A graphic novel takes me much longer to read carefully than a text-only book does. Why? I think the pictures slow me down. I need to examine them carefully in order to make meaning from them, what they’re saying, how they interact with the words (if any).
The artist is telling a story. And how that story is told is intriguing.
I was reminded of this notion when I read a Nerdy Book Club blog by Jason Griffith who attended a panel discussion at New York’s Metropolitan Museum of Art. The panel included the Met’s drawing and prints curator, Nadine Orenstein, public radio host and writer Julie Burstein, and Brian Selznick, Caldecott Medal winning children’s book illustrator.
The talk was titled “Showing to Tell” — interesting title with lots to consider.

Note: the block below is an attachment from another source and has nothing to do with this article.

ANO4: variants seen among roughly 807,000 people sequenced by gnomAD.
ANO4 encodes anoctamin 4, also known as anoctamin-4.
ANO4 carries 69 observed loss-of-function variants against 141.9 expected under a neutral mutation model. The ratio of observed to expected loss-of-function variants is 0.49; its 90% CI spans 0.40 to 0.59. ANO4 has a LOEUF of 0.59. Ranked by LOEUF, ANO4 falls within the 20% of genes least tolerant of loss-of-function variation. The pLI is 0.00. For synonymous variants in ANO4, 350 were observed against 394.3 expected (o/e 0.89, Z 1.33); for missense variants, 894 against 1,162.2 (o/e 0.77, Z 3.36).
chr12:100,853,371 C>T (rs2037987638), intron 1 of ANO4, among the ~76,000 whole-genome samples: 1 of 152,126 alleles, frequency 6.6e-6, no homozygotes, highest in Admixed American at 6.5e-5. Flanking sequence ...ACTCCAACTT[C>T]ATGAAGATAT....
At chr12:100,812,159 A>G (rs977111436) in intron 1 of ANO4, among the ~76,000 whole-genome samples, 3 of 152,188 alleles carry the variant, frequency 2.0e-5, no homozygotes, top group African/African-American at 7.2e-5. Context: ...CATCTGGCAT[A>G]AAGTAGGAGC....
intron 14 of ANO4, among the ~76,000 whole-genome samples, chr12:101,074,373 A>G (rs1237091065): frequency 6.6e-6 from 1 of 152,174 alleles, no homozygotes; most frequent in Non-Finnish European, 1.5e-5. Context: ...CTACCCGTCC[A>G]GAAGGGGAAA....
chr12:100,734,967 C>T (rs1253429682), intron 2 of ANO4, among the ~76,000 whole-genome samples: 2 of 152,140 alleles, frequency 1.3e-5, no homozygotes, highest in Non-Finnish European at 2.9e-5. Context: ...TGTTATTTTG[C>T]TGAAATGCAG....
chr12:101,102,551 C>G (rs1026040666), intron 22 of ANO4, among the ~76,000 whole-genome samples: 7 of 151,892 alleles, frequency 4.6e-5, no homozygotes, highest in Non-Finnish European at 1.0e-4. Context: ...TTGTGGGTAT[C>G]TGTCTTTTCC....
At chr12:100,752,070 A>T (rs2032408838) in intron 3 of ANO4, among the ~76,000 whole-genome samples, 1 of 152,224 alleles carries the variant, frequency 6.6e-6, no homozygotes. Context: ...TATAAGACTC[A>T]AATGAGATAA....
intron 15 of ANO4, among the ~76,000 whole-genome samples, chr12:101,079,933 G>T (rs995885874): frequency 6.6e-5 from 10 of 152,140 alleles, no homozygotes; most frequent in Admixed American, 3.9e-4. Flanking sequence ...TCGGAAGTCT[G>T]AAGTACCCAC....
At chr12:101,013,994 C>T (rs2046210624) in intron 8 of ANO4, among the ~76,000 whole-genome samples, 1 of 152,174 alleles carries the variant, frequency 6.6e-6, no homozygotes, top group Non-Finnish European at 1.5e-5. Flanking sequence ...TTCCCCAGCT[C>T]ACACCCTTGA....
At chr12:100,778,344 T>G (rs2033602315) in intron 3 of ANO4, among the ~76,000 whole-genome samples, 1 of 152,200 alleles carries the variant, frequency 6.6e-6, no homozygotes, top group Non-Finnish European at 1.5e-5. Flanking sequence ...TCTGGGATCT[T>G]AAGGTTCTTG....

In essence, isn’t this what which is what all artists strive to achieve: telling a story when presenting an image to a viewer? But getting story from art requires understanding a different language. Rather than taking the story in little by little then stepping back to gain meaning (as we do when we decode words), with image we take it in all at once then must stop to reflect on what we see. And how the artist tells the tale is part of the meaning.
Selznick recognizes that illustration in his books provide a vantage point for the reader/viewer much like an art gallery provides a visitor with a particular view of a painting. Because Selznick is aware of this, he wants to showcase the detail of his art in order for the reader/viewer to be able to actually see it. Griffith reports that the artist “first draws his illustrations on index card-sized paper, but he does so with the awareness that the illustration will be blown up to the size of the book page and then even to the size of a movie screen for presentations.”
Selznick’s newest title will surely slow me down. After all, I want to understand what he’s showing to tell.